PIKETON, Ohio -- Blackberries are a popular, high-value fruit crop for Ohio growers looking to produce a niche agricultural product. But getting the most out of the crop requires intensive inputs and high maintenance. Ohio State University Extension horticulturists are evaluating cultivars that may make production easier.
Shawn Wright, with OSU South Centers at Piketon, is collaborating with John Clark from the University of Arkansas on a Midwest evaluation of primocane-bearing blackberries -- brambles that require little to no pruning.
"It's a characteristic of brambles that everyone is looking for. The fruit is produced on the first-year cane and then the plant is mowed to the ground," said Wright. "Primocane-bearing blackberries eliminate the intensive, elaborate pruning common in other blackberry varieties. A grower can cover an acre in a hour as opposed to an entire day."
Wright said that primocane blackberries are an attractive alternative for fruit growers, not only because of their low maintenance, but because they can easily overcome the production limitations associated with overwintering. They are designed to be mowed back in late winter, resulting in little pruning labor. Additionally, unlike most traditional varieties that bear fruit on the second-year canes, primocane blackberries will bear fruit on one-year-old canes. One drawback is that primocane blackberries currently being evaluated are very thorny, although breeding efforts are under way to eliminate the thorns.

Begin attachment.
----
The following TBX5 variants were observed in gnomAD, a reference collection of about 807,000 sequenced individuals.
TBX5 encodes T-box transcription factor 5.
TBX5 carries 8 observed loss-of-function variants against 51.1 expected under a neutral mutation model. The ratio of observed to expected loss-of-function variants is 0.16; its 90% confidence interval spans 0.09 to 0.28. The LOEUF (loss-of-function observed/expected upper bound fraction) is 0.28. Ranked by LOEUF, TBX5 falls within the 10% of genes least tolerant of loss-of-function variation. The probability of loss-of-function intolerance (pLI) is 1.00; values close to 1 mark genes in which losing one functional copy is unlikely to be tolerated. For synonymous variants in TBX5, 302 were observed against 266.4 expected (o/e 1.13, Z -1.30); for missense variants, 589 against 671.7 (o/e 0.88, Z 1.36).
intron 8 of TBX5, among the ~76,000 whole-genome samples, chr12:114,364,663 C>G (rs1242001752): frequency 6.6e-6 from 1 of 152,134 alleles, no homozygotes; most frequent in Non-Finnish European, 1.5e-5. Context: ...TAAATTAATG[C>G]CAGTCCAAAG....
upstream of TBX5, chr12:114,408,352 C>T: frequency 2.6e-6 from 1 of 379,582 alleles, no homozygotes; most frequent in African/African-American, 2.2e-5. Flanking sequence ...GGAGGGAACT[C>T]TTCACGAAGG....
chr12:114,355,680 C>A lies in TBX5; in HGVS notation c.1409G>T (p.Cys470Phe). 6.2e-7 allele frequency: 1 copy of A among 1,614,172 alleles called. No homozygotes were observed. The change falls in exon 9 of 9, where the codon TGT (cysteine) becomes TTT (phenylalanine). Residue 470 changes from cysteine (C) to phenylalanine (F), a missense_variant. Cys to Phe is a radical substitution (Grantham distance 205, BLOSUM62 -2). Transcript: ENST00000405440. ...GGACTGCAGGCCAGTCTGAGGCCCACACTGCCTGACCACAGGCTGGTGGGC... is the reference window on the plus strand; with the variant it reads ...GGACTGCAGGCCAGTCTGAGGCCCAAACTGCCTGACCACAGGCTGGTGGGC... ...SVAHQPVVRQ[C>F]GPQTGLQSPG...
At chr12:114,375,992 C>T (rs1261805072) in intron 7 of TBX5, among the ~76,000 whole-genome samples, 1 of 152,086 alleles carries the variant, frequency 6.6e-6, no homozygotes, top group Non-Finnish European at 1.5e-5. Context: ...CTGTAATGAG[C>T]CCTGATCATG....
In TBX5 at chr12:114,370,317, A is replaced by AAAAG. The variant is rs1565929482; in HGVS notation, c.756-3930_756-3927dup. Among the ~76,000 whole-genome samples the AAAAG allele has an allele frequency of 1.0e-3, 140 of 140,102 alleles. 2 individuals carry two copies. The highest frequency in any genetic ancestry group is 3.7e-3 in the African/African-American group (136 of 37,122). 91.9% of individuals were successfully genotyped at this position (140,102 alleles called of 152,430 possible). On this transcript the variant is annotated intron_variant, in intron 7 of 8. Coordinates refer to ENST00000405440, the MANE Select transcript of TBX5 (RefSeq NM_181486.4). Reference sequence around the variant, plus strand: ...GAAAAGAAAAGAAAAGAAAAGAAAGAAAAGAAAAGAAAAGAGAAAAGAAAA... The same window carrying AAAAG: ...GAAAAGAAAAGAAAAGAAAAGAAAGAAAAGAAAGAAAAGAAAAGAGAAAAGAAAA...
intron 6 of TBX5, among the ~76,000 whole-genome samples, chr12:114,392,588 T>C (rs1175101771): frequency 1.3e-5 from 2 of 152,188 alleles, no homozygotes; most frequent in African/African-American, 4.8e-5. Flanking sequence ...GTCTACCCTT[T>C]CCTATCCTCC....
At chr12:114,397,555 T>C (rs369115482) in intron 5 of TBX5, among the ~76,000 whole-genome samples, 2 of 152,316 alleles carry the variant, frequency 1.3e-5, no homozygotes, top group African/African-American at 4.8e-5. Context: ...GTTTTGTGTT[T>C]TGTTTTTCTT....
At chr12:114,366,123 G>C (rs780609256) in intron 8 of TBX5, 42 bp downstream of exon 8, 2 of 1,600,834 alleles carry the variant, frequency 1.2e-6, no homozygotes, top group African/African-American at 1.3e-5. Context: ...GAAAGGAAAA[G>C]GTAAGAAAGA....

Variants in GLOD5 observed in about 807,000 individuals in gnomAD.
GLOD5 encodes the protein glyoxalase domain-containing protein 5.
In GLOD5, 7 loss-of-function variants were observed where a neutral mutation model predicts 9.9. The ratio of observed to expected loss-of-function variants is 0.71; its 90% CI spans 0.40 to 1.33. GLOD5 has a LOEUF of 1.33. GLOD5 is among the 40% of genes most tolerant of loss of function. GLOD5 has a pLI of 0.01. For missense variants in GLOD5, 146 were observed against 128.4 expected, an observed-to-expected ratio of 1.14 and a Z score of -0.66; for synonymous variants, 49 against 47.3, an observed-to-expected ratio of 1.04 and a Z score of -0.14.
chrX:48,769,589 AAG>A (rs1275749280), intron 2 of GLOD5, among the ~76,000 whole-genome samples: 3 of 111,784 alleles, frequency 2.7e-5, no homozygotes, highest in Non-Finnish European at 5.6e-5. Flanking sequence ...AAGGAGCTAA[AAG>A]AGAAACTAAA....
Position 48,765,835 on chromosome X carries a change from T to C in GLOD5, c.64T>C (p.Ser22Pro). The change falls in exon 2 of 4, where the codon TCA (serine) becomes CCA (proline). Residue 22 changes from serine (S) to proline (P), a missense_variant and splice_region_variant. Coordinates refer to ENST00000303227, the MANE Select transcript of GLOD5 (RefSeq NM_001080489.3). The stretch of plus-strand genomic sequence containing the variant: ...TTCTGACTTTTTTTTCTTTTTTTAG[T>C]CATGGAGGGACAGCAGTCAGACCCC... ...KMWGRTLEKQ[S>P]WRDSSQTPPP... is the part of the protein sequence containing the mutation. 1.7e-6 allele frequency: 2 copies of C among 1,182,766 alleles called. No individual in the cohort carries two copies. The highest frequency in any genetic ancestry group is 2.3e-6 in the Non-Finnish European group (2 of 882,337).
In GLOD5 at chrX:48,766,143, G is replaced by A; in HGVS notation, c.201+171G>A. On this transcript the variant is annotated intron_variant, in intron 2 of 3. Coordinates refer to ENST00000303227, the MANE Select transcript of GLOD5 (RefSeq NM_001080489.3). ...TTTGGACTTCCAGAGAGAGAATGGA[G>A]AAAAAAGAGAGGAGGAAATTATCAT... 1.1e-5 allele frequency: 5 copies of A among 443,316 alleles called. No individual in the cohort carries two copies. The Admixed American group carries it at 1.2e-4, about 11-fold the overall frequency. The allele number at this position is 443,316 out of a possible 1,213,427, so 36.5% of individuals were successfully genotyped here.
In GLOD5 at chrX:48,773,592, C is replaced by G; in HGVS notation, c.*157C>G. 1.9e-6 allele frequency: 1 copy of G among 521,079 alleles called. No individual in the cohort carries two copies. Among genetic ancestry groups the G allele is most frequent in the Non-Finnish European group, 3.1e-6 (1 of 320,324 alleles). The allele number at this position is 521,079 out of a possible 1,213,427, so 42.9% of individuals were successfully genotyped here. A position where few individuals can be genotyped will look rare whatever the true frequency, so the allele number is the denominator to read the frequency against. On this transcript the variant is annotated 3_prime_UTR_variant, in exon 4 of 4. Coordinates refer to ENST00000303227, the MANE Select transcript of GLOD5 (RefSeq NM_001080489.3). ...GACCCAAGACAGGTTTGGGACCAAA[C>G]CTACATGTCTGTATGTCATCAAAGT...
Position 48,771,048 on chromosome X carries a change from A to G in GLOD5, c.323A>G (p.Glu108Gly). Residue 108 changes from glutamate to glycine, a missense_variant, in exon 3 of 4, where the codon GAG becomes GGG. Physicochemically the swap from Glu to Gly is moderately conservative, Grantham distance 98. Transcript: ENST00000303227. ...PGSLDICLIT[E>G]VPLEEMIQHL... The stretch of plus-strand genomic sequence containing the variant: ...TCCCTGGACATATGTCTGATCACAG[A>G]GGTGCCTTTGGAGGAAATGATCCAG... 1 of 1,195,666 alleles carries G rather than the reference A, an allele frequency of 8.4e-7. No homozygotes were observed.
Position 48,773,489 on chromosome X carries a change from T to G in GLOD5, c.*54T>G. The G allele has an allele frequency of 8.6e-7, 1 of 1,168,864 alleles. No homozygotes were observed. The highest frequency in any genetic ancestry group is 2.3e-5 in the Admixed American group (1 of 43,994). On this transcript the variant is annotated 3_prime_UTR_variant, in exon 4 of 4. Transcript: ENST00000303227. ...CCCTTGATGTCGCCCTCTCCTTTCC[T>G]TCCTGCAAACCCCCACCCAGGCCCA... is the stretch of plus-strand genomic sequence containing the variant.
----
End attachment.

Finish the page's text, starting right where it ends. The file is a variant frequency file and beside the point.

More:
For the past five years, Wright and his colleagues have been evaluating Prime Jim and Prime Jan, two varieties that are now commercially available. Five additional varieties were planted in 2006 and four more in 2007. The purpose of the study is to compare their performance characteristics to determine how well commercial varieties fare under Ohio conditions and to identify new varieties that would be more suitable.
Based on results to date, Wright has found that, although Prime Jan and Prime Jim are suitable for Ohio, the non-commercial varieties being evaluated are far superior.
"They grow more vigorously, produce higher yields with a larger berry size and the berries have better flavor. Prime Jan and Prime Jim can produce a berry in Ohio of about five grams, but we can get an eight-to10-gram berry from some of the non-released varieties," said Wright. "If these varieties are released, they may have a place for growers who wish to extend their market because the primocane berries will produce until the first hard frost. Prime Jan and Prime Jim are more ideal for homeowners looking to raise a small blackberry crop and who don't want to have to trellis the plants."
Blackberry production in Ohio is growing in popularity. According to the U.S. Department of Agriculture 2002 Census, blackberry acreage increased 34 percent since 1997. Wright estimates that about 80 percent of the blackberries grown in Ohio are ‘Chester Thornless', which produces consistently but does not have the highest flavor characteristics for fresh consumption, and requires trellising and pruning.
"The demand for a less labor-intensive blackberry variety is coming directly from the farmers. They want something that doesn't have the high labor requirements for pruning," said Wright.
Researchers are also evaluating the performance of primocane-bearing red raspberries and black raspberries.
To learn more, contact Shawn Wright at (740) 289-2071 or firstname.lastname@example.org.